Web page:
After 3 ½ years the village of Edgerton could soon be out from a state-imposed fiscal emergency.
The village’s Financial Planning and Supervision Commission approved a document asking the state to terminate the fiscal emergency at a March 9 meeting. The community will now wait for the state to approve the application.
A formal announcement will be made when State Auditor Dave Yost can come to the village and present officials with some documents.
The village fell under fiscal emergency due to a long-term debt from a sewer project from the 1970s. The village had insufficient income to cover its debts and had not exercised sound financial oversight,
The process to fiscal wholeness has been likened to a diet by Commission Chair Sharon Hanrahan. Hanrahan works with the state’s Office of Budget and Management.
“Getting out of fiscal emergency is not like winning a football game, it’s more like a diet,” Hanrahan said. “You can’t eat chocolate cake every day and maintain weight.”
The village has adopted steps it will take to remain out of fiscal emergency:
– Property tax revenue collections are based on estimated assessed valuations for the given year.
– Renewing a five-year, 2-mill property tax levy in 2015. The levy term began in 2016 and will be renewed in 2019.
– Enacting a 1.75 percent income tax with credit for taxes paid to other communities. Eighty percent of revenues will go to the general fund and 20 percent to the income tax capital projects fund.
– Securing grant and debt funding for a new fire truck in 2019. The grant will be $360,000 and the debt for $500,000.
– Securing grant and debt funding for the water tower project of $125,000 respectively for 2018 and 2019.
– Water rates will increase 2 percent in 2017, 2019 and 2021.
– Sewer rates will increase 2 percent in 2018 and 2020.
The village will have expenses that follow historical patterns:
– A 3 percent increase for salaries forecast for 2017-21
– A 5 percent increase for hospitalization benefits annually from 2017 to 2021.
– Various supplies and materials and contractual services to increase between 3 and 8 percent each year.
While the village is climbing out of a fiscal emergency, a reduction in the income tax is not likely for several years, Administrator Dawn Fitzcharles said. The streets have not been paid in 15 years and now there are two that need work, she said.
The village fire department must get on a vehicle replacement program, Fitzcharles said.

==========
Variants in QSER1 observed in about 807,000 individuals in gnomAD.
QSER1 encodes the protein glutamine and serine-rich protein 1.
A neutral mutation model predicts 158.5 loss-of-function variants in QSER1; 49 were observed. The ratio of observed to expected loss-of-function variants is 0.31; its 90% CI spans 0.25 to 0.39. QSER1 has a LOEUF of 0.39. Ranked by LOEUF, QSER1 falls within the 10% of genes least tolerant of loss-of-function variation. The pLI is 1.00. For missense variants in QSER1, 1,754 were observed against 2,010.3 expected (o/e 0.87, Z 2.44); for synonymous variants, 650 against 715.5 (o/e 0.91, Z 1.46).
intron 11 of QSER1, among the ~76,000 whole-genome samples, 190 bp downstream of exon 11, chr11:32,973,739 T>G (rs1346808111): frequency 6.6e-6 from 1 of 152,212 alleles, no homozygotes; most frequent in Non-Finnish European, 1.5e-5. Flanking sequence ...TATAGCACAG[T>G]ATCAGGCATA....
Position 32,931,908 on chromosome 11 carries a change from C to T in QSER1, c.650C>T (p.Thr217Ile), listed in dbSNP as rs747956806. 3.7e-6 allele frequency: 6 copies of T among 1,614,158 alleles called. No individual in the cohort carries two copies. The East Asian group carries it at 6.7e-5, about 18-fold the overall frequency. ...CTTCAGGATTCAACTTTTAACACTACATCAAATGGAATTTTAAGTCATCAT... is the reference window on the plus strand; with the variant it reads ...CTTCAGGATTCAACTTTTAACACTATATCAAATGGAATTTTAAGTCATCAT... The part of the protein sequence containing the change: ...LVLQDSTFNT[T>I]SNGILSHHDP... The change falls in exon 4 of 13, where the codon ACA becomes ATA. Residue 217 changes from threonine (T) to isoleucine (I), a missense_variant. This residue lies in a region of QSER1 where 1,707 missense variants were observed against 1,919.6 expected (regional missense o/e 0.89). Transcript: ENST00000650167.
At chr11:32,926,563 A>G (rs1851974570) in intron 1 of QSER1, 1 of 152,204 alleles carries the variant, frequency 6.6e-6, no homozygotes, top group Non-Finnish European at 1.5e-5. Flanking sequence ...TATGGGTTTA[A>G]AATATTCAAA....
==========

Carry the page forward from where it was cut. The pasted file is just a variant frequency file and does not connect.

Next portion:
“Does that mean we are going to spend that $500,000,” Fitzcharles said. “But it’s there.”
Commission member Bob Day argued the increased income tax was for getting the village out of fiscal emergency and now that it has happened swiftly, he would like to see what the revenues would be if there were a 0.25 percent or 0.50 percent cut in the tax.
Day can understand the need for some upcoming projects like the streets, but other projects, such as a garage for the police, he finds dubious. He said he was looking at the plan from the taxpayers’ point of view.
The commission approved the Financial Recovery Plan recommended by the Village Council, Dec. 19, 2016, 6-1 with Day dissenting.
With the plan approved, Commission member Pam Fitzcharles said her experience in the private sector showed her that goals can be set for five years down the road, but if something crucial happens in the meantime, those plans can be and often are jettisoned.
“It’s just a plan,” she said.
Council member Jackie Perry said being in fiscal emergency helped the village adopt budgets and have written documents for a spending plan.
“There is a process in place,” Perry said.
Commission member Tom Flegal said the public must hold the council accountable for its fiscal responsibilities.
“This is not the end. It should be the beginning of doing things the right way,” Flegal said.
There should be an environment where people can question each other, Day said.
“Because it keeps you sharp,” Day said.
Mayor Lance Bowsher thanked the commission for their work and especially thanked Hanrahan and Belinda Miller for their work.
“We are headed in the right direction,” Bowsher said. “Perception is perception, but we know we are doing things (correctly) and we are headed in the right direction.”
The state has picked up most of the cost for oversight, Hanrahan said. The village paid $782.50 in the last fiscal year, Dawn Fitzcharles said.
The final act of the commission was to approve a resolution to formally request an end to the fiscal emergency.
Now everyone will wait for a response from the auditor.
James Pruitt may be reached at firstname.lastname@example.org